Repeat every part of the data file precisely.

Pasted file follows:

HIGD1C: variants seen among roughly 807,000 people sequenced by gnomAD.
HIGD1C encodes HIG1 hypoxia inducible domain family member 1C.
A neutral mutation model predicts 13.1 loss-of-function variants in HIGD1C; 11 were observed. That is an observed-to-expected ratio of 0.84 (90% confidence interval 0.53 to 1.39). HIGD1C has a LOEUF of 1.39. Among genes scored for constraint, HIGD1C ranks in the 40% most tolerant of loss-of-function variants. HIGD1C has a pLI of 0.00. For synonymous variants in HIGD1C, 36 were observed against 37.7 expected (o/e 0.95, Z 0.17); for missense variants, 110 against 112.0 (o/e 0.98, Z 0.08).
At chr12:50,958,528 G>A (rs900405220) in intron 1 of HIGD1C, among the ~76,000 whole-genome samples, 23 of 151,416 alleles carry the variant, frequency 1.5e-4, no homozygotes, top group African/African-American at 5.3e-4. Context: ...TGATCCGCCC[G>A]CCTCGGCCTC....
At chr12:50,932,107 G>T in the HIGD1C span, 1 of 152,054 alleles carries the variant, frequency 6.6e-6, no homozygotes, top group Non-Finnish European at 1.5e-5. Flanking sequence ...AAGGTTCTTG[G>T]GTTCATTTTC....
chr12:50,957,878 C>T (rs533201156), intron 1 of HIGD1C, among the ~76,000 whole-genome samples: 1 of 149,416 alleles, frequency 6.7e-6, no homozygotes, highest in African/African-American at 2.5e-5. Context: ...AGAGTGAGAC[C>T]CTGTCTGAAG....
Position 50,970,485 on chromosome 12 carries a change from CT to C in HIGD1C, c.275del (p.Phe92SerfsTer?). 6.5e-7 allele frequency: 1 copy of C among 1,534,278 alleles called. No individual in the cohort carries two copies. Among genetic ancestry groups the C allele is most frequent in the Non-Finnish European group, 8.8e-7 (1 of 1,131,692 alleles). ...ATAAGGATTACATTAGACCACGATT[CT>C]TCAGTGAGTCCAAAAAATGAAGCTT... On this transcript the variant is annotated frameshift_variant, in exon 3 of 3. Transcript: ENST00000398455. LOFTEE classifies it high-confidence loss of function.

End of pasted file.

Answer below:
HIGD1C: variants seen among roughly 807,000 people sequenced by gnomAD.
HIGD1C encodes HIG1 hypoxia inducible domain family member 1C.
A neutral mutation model predicts 13.1 loss-of-function variants in HIGD1C; 11 were observed. That is an observed-to-expected ratio of 0.84 (90% confidence interval 0.53 to 1.39). HIGD1C has a LOEUF of 1.39. Among genes scored for constraint, HIGD1C ranks in the 40% most tolerant of loss-of-function variants. HIGD1C has a pLI of 0.00. For synonymous variants in HIGD1C, 36 were observed against 37.7 expected (o/e 0.95, Z 0.17); for missense variants, 110 against 112.0 (o/e 0.98, Z 0.08).
At chr12:50,958,528 G>A (rs900405220) in intron 1 of HIGD1C, among the ~76,000 whole-genome samples, 23 of 151,416 alleles carry the variant, frequency 1.5e-4, no homozygotes, top group African/African-American at 5.3e-4. Context: ...TGATCCGCCC[G>A]CCTCGGCCTC....
At chr12:50,932,107 G>T in the HIGD1C span, 1 of 152,054 alleles carries the variant, frequency 6.6e-6, no homozygotes, top group Non-Finnish European at 1.5e-5. Flanking sequence ...AAGGTTCTTG[G>T]GTTCATTTTC....
chr12:50,957,878 C>T (rs533201156), intron 1 of HIGD1C, among the ~76,000 whole-genome samples: 1 of 149,416 alleles, frequency 6.7e-6, no homozygotes, highest in African/African-American at 2.5e-5. Context: ...AGAGTGAGAC[C>T]CTGTCTGAAG....
Position 50,970,485 on chromosome 12 carries a change from CT to C in HIGD1C, c.275del (p.Phe92SerfsTer?). 6.5e-7 allele frequency: 1 copy of C among 1,534,278 alleles called. No individual in the cohort carries two copies. Among genetic ancestry groups the C allele is most frequent in the Non-Finnish European group, 8.8e-7 (1 of 1,131,692 alleles). ...ATAAGGATTACATTAGACCACGATT[CT>C]TCAGTGAGTCCAAAAAATGAAGCTT... On this transcript the variant is annotated frameshift_variant, in exon 3 of 3. Transcript: ENST00000398455. LOFTEE classifies it high-confidence loss of function.